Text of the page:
When ICAO introduced the Global Navigation Satellite System (GNSS) concept in 1993, it was to establish an earth-girdling network of navigation satellite constellations that would provide service “for the foreseeable future on a continuous worldwide basis, free of direct user fees.” The U.S. and Russia (then the Soviet Union) were first to sign up in 1996, followed several years later by Europe, China, Japan and India, which planned to launch constellations of their own. By 2020, there should be six constellations and close to 150 navigation satellites criss-crossing the Earth.
That planned abundance was welcomed in the early days, because receiver technology was initially limited to simultaneously tracking just four satellites from a single constellation, which occasionally resulted in coverage gaps, or “holes,” caused by poor fix geometry. But with many more satellites destined to enter orbit, ICAO expected that constellation “interoperability” would allow that gap to be filled by an aircraft’s receiver acquiring signals from better positioned satellites in another constellation, such as using three GPS satellites and one from the European Galileo constellation.
But holes are no longer a challenge. With approximately 30 GPS satellites in orbit, today’s advanced-technology airborne GPS receivers can simultaneously process signals from as many as 15 of them, with each incrementally refining the GPS position, without accessing another constellation. However, multi-constellation, multi-frequency (MCMF) operation remains a valuable technique, widely used in geophysical surveying and similar tasks where centimeter accuracy or better is required. Now, some airline people are reportedly promoting MCMF avionics. Superficially, that sounds smart. But some avionics experts assert it would be expensive overkill.
While GPS holes are no longer a concern, market protectionism is. In November 2012, Russia announced at ICAO that all Russian-registered aircraft planning to use satellite navigation would be required to use Russian-built Glonass receivers. GPS receivers could be used only if they were integrated with (built into) Glonass receivers. The use of stand-alone GPS receivers would be illegal in Russian aircraft, ships and in certain other applications, although personal use would be permitted.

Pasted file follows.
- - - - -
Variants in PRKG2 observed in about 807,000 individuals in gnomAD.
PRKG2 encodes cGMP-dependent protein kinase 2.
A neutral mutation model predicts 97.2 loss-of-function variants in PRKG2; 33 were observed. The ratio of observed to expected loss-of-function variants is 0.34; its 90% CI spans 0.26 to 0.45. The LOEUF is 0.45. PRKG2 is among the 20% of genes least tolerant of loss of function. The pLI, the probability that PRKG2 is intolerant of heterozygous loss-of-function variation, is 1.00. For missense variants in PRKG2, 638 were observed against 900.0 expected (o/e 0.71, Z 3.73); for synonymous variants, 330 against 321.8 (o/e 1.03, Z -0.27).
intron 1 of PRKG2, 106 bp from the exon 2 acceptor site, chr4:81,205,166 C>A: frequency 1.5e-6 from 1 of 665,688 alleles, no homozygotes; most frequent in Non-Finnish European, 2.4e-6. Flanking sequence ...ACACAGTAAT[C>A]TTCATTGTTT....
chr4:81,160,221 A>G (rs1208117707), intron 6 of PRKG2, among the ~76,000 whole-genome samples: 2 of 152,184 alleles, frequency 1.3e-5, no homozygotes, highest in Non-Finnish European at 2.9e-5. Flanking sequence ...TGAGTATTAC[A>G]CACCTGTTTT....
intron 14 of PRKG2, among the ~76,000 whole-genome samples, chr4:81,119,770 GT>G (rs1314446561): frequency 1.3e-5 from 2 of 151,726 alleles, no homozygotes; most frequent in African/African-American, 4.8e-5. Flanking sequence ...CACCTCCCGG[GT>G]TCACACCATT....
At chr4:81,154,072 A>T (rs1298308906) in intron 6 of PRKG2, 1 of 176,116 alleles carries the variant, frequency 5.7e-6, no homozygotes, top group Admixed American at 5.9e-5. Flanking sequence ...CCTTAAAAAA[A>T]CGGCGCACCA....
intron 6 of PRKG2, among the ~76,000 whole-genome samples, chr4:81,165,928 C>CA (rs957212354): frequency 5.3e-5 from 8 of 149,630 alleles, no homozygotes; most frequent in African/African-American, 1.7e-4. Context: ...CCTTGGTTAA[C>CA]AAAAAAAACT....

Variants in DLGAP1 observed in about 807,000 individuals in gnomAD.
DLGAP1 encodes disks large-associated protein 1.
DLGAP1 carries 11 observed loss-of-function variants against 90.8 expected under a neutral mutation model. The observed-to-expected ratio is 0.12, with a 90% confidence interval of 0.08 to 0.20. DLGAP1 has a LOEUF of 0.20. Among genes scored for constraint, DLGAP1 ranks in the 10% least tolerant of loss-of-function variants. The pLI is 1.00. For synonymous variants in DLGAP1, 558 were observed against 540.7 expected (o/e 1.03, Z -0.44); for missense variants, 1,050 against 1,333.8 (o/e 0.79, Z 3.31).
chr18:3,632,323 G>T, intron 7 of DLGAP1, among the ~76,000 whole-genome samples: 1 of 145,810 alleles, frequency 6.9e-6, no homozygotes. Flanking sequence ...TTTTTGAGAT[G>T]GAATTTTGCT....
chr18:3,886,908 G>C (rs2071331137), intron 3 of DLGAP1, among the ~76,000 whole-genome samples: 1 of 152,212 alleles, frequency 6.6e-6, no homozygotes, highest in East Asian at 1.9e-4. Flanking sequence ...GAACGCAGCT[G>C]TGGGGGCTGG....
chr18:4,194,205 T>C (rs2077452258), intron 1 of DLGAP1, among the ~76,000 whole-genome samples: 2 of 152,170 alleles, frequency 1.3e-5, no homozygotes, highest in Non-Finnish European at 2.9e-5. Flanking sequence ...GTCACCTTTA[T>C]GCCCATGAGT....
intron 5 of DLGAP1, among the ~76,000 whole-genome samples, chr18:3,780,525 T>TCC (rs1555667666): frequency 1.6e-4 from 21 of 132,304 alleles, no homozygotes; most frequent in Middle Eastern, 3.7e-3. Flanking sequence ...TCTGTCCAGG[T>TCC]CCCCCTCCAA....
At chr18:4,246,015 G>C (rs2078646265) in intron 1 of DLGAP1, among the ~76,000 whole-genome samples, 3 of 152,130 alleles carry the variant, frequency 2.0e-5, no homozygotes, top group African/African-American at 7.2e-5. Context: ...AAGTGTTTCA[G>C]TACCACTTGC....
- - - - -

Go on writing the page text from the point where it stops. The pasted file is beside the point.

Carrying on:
While acknowledging that it was Russia’s right to impose such sanctions, the U.S. delegation at ICAO strongly opposed the move as contrary to ICAO’s position that the world’s airspace and its supporting systems should be available to all. Nevertheless, the Russian representatives refused to back down. Unspoken was their concern that without such a ruling, Russia’s fledgling satellite receiver industry would be stillborn, in the face of its massive U.S. competitors.
Logically, the next protectionist shoe to drop would appear to be China’s. With foreign-built small, lightweight GPS receiver modules now selling at commodity levels, a Chinese-packaged GPS/BeiDou/cellphone could outsell almost all the competition. China doesn’t build avionics (yet), but U.S. general aviation could offer intriguing possibilities.
Protectionism can take many forms. In December last year the Federal Communications Commission (FCC) announced that using foreign satellite signals in the U.S. required prior FCC approval and that foreign-built satellite receivers would require FCC inspection before being licensed for use in U.S. territory. GPS industry officials worry that U.S. GPS manufacturers exporting to a country that builds its own satellite equipment might run into reciprocal “difficulties.”
Yet the market is irresistible. No one knows how many satnav receivers have been produced, but one estimate says that by 2030 one in three people on Earth will own one.